Before COVID-19, countries running for Security Council seats often invited ambassadors for lavish visits to their nations, put on dinners and held receptions with entertainments, and sent senior government officials around the globe lobbying for votes. But the pandemic has curtailed all of that since March.

The council has five permanent members — the United States, Russia, China, Britain and France — and 10 members elected by the General Assembly for two-year terms, with seats allocated to regional groups and five new members elected every year.

In Wednesday’s voting, a two-thirds majority of 128 votes was required to win a Western seat and Norway received 130 votes, Ireland got 128 votes and Canada 108 votes. India ran unopposed for the Asia-Pacific seat and received 184 votes and Mexico ran unopposed for the seat for Latin America and the Caribbean and got 187 votes.

Norway’s Prime Minister Erna Solberg said her country would use its experience from many years of engaging in peace and reconciliation efforts “to build bridges and seek solutions to the seemingly intractable conflicts that appear on the Security Council’s agenda.”

“The world needs more international cooperation to promote peace and security,” she said.

Speaking in Dublin, Ireland’s Prime Minister said its victory “underpins Ireland’s place in the world as a global island, with a clear and tangible ambition to play a central role in contributing to international peace and security.”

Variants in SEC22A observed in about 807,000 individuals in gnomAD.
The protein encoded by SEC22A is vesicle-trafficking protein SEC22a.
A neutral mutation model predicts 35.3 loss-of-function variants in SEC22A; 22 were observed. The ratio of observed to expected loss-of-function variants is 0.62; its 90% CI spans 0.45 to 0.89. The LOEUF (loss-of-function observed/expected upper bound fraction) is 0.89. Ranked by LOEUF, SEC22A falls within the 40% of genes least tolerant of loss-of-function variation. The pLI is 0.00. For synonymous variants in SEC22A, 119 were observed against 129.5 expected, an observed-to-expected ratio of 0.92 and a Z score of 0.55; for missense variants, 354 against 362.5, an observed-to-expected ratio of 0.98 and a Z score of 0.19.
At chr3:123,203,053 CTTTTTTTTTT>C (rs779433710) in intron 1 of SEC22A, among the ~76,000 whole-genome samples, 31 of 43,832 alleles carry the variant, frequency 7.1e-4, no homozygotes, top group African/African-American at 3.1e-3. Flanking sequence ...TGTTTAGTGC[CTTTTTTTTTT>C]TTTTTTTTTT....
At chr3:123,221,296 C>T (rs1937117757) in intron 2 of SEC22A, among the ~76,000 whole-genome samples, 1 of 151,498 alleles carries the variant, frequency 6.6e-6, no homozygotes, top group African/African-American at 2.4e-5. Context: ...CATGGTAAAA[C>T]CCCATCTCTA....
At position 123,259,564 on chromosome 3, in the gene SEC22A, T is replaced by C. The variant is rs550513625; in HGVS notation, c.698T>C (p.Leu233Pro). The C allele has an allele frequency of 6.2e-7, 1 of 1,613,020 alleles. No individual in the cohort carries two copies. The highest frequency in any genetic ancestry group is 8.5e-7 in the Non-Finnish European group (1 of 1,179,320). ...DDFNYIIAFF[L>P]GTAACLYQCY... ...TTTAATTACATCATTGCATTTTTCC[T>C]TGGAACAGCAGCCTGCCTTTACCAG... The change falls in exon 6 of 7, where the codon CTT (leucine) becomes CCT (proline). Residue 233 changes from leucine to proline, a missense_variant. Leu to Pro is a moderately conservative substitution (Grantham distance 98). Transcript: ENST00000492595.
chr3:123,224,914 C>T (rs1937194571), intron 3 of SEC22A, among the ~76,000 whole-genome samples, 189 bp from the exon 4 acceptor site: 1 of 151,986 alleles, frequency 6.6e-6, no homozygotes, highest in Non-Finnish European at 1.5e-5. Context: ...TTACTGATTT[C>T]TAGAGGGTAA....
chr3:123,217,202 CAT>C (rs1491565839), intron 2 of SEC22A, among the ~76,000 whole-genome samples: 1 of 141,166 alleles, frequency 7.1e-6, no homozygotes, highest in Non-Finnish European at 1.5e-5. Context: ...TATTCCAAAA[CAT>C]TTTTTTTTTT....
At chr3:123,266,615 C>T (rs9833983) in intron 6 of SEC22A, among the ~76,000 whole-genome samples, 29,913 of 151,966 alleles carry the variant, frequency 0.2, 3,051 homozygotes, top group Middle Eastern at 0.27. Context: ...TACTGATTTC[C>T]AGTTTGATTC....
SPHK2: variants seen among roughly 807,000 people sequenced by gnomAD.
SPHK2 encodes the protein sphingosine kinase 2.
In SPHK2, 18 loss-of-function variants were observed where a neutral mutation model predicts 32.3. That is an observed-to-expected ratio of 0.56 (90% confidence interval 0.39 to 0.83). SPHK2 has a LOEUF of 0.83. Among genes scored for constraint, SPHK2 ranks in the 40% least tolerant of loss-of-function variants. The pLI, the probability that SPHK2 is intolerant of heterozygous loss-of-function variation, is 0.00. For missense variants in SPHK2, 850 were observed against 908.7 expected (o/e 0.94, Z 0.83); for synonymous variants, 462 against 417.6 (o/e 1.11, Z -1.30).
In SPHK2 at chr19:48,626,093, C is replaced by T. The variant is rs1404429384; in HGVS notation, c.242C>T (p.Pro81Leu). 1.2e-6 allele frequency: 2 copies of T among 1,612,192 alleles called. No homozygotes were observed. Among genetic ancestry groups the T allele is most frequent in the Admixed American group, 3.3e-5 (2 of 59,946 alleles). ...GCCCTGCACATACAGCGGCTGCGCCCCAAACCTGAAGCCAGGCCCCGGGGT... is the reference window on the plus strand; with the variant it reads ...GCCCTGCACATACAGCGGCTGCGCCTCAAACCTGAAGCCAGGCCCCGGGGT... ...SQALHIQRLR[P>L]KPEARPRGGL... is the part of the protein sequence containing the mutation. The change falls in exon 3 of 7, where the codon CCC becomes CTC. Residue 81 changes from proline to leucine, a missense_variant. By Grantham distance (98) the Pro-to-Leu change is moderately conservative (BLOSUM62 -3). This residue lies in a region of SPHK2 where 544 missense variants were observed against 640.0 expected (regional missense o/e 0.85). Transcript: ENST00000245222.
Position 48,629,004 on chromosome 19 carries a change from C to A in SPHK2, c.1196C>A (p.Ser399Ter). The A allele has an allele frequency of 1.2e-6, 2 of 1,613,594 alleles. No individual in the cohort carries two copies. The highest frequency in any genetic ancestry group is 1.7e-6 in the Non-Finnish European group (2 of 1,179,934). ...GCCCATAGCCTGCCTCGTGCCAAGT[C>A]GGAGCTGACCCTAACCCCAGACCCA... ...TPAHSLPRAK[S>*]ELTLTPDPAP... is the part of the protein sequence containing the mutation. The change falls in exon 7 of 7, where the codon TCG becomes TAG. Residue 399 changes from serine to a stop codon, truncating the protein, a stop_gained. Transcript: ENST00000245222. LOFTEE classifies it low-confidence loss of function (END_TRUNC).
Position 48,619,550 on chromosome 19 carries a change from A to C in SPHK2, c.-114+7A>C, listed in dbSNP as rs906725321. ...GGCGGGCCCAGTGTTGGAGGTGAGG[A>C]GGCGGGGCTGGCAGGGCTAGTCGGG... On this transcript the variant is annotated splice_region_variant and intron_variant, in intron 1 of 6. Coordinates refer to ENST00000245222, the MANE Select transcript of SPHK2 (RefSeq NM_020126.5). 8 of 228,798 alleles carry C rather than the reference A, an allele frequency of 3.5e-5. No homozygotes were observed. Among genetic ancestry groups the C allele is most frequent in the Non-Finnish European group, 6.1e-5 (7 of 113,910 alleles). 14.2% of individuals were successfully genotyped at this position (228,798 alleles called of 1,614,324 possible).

In Mexico, Jesús Ramirez, spokesman for President Andrés Manuel López Obrador, wrote in his Twitter account: “We will honor the internationalist tradition of our nation to work for peace and security in the world.”

India’s U.N. Ambassador T.S. Tirumurti said the country “will become a member of the Security Council at a critical juncture and we are confident that in the COVID and in pot-COVID world India will continue to provide leadership and a new orientation for a reformed multilateral system.”

Canadian Foreign Minister François-Philippe Champagne declined to say why he thought Canada lost, adding there will be ample time for lessons learned. He said he was proud of Canada’s four-year campaign which allowed the country “to renew and strengthen many of our bilateral relations.”

The election will put two women ambassadors on the council — Norway’s Mona Juul and Ireland’s Geraldine Byrne Nason — in addition to the ambassadors from the U.S. and St. Vincent and the Grenadines.

France’s U.N. Ambassador Nicolas de Riviere told a group of reporters four women is better than two and he would prefer more.

“You have two big players coming in, India and Mexico,” he said, “and it’s sometimes pretty good for the council to have strong and big and active members because it makes the council stronger.”

In the other elections, Volkan Bozkir of Turkey was elected president of the 75th session of the General Assembly which begins in September. The post rotates annually by region and he was the candidate of the Western Europe and other states group. Greece, Cyprus and Armenia asked for a vote rather than electing him by consensus.

The 18 candidates for seats in the Economic and Social Council all ran unopposed and were elected.


Rob Gillies contributed to this report from Toronto